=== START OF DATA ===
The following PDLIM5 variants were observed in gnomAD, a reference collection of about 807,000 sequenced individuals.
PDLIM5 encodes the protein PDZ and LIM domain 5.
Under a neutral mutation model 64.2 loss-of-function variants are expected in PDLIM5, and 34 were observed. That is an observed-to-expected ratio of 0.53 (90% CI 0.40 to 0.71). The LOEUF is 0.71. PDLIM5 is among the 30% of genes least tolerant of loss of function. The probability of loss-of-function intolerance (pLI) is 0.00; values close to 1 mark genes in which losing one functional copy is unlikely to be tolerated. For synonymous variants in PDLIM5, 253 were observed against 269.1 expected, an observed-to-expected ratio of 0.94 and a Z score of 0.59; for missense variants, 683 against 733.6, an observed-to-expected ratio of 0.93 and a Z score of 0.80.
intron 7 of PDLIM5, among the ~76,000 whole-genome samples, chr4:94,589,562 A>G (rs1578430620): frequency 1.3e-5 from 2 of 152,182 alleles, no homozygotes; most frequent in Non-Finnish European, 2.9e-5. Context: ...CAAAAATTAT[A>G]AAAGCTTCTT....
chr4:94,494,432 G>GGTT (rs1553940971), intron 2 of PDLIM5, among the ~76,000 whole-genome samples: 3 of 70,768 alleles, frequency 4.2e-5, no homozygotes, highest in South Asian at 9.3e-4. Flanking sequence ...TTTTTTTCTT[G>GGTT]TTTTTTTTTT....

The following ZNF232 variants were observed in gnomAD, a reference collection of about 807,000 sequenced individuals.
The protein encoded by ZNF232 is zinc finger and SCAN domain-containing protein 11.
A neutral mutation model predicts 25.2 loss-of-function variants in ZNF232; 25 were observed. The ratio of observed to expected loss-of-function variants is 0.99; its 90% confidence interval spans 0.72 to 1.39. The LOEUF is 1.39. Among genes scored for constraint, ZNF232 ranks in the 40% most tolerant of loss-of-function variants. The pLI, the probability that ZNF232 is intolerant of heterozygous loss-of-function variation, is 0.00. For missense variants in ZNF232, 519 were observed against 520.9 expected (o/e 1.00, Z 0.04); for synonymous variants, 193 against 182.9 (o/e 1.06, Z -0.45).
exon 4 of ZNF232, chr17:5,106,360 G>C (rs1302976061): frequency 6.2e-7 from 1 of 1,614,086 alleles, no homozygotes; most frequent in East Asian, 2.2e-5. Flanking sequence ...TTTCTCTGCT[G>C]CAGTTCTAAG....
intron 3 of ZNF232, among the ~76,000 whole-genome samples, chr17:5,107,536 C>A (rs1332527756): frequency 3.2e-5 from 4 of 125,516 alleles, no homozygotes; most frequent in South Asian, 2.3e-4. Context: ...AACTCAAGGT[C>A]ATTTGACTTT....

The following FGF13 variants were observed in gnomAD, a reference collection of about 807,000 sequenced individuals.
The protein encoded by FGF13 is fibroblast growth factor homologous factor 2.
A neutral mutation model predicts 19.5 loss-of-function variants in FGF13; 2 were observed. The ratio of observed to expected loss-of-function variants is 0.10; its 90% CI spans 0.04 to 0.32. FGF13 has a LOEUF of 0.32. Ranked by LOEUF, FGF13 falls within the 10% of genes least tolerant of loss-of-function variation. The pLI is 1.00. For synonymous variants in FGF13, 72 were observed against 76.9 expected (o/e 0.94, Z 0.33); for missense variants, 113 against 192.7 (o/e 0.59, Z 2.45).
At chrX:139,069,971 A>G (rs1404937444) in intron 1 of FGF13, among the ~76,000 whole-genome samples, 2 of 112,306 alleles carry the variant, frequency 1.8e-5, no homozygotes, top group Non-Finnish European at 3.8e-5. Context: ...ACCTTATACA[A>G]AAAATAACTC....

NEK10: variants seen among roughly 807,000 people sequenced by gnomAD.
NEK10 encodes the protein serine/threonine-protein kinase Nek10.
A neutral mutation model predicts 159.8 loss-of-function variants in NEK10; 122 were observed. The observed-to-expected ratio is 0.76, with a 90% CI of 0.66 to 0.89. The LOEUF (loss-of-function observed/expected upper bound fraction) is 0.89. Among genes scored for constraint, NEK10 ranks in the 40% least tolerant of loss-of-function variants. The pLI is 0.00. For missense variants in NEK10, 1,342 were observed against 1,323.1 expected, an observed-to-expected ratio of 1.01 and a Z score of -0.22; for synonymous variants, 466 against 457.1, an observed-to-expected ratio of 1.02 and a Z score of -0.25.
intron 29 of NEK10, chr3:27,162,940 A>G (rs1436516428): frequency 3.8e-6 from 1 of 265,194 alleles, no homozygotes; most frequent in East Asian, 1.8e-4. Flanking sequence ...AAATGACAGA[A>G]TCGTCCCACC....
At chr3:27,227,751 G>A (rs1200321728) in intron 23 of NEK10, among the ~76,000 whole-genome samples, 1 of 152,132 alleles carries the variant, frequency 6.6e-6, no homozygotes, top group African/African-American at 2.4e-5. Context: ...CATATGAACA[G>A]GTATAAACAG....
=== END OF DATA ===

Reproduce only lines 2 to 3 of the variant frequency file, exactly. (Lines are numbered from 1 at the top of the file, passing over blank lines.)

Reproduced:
PDLIM5 encodes the protein PDZ and LIM domain 5.
Under a neutral mutation model 64.2 loss-of-function variants are expected in PDLIM5, and 34 were observed. That is an observed-to-expected ratio of 0.53 (90% CI 0.40 to 0.71). The LOEUF is 0.71. PDLIM5 is among the 30% of genes least tolerant of loss of function. The probability of loss-of-function intolerance (pLI) is 0.00; values close to 1 mark genes in which losing one functional copy is unlikely to be tolerated. For synonymous variants in PDLIM5, 253 were observed against 269.1 expected, an observed-to-expected ratio of 0.94 and a Z score of 0.59; for missense variants, 683 against 733.6, an observed-to-expected ratio of 0.93 and a Z score of 0.80.